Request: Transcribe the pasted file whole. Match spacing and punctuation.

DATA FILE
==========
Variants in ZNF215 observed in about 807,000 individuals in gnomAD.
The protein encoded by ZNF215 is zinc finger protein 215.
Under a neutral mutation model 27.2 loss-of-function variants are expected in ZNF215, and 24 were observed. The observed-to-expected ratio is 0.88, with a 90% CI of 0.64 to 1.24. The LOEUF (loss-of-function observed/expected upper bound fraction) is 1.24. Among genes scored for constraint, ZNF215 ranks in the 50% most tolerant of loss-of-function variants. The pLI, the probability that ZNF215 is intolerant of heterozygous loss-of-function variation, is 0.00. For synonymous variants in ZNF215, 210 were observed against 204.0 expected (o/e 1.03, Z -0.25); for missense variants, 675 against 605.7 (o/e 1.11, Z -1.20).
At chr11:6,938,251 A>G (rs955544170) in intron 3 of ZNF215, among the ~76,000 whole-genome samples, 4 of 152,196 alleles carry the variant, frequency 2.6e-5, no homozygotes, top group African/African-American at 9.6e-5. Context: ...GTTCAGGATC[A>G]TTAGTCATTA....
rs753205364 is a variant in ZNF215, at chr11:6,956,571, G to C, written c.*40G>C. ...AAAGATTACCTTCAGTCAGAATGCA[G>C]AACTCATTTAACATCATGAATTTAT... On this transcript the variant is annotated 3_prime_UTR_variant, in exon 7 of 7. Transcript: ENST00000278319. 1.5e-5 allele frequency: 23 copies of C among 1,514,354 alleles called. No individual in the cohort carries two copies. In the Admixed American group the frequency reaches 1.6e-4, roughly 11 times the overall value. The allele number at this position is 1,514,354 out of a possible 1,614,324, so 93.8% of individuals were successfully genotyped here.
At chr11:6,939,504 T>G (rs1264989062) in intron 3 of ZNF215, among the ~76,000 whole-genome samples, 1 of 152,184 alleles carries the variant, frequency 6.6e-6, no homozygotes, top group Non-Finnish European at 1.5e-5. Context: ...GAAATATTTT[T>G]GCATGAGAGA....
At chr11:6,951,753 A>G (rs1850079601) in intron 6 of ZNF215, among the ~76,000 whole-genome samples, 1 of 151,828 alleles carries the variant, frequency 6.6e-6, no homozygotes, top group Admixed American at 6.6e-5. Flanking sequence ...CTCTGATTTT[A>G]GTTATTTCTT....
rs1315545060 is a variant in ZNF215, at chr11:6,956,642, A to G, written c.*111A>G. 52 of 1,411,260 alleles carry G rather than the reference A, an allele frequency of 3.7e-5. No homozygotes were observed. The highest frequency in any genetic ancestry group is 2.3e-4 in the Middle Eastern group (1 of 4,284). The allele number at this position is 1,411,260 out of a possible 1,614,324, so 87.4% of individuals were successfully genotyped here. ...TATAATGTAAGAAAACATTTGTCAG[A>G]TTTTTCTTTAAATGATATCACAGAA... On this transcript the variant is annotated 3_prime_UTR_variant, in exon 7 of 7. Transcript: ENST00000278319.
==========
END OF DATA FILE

Variants in ZNF215 observed in about 807,000 individuals in gnomAD.
The protein encoded by ZNF215 is zinc finger protein 215.
Under a neutral mutation model 27.2 loss-of-function variants are expected in ZNF215, and 24 were observed. The observed-to-expected ratio is 0.88, with a 90% CI of 0.64 to 1.24. The LOEUF (loss-of-function observed/expected upper bound fraction) is 1.24. Among genes scored for constraint, ZNF215 ranks in the 50% most tolerant of loss-of-function variants. The pLI, the probability that ZNF215 is intolerant of heterozygous loss-of-function variation, is 0.00. For synonymous variants in ZNF215, 210 were observed against 204.0 expected (o/e 1.03, Z -0.25); for missense variants, 675 against 605.7 (o/e 1.11, Z -1.20).
At chr11:6,938,251 A>G (rs955544170) in intron 3 of ZNF215, among the ~76,000 whole-genome samples, 4 of 152,196 alleles carry the variant, frequency 2.6e-5, no homozygotes, top group African/African-American at 9.6e-5. Context: ...GTTCAGGATC[A>G]TTAGTCATTA....
rs753205364 is a variant in ZNF215, at chr11:6,956,571, G to C, written c.*40G>C. ...AAAGATTACCTTCAGTCAGAATGCA[G>C]AACTCATTTAACATCATGAATTTAT... On this transcript the variant is annotated 3_prime_UTR_variant, in exon 7 of 7. Transcript: ENST00000278319. 1.5e-5 allele frequency: 23 copies of C among 1,514,354 alleles called. No individual in the cohort carries two copies. In the Admixed American group the frequency reaches 1.6e-4, roughly 11 times the overall value. The allele number at this position is 1,514,354 out of a possible 1,614,324, so 93.8% of individuals were successfully genotyped here.
At chr11:6,939,504 T>G (rs1264989062) in intron 3 of ZNF215, among the ~76,000 whole-genome samples, 1 of 152,184 alleles carries the variant, frequency 6.6e-6, no homozygotes, top group Non-Finnish European at 1.5e-5. Context: ...GAAATATTTT[T>G]GCATGAGAGA....
At chr11:6,951,753 A>G (rs1850079601) in intron 6 of ZNF215, among the ~76,000 whole-genome samples, 1 of 151,828 alleles carries the variant, frequency 6.6e-6, no homozygotes, top group Admixed American at 6.6e-5. Flanking sequence ...CTCTGATTTT[A>G]GTTATTTCTT....
rs1315545060 is a variant in ZNF215, at chr11:6,956,642, A to G, written c.*111A>G. 52 of 1,411,260 alleles carry G rather than the reference A, an allele frequency of 3.7e-5. No homozygotes were observed. The highest frequency in any genetic ancestry group is 2.3e-4 in the Middle Eastern group (1 of 4,284). The allele number at this position is 1,411,260 out of a possible 1,614,324, so 87.4% of individuals were successfully genotyped here. ...TATAATGTAAGAAAACATTTGTCAG[A>G]TTTTTCTTTAAATGATATCACAGAA... On this transcript the variant is annotated 3_prime_UTR_variant, in exon 7 of 7. Transcript: ENST00000278319.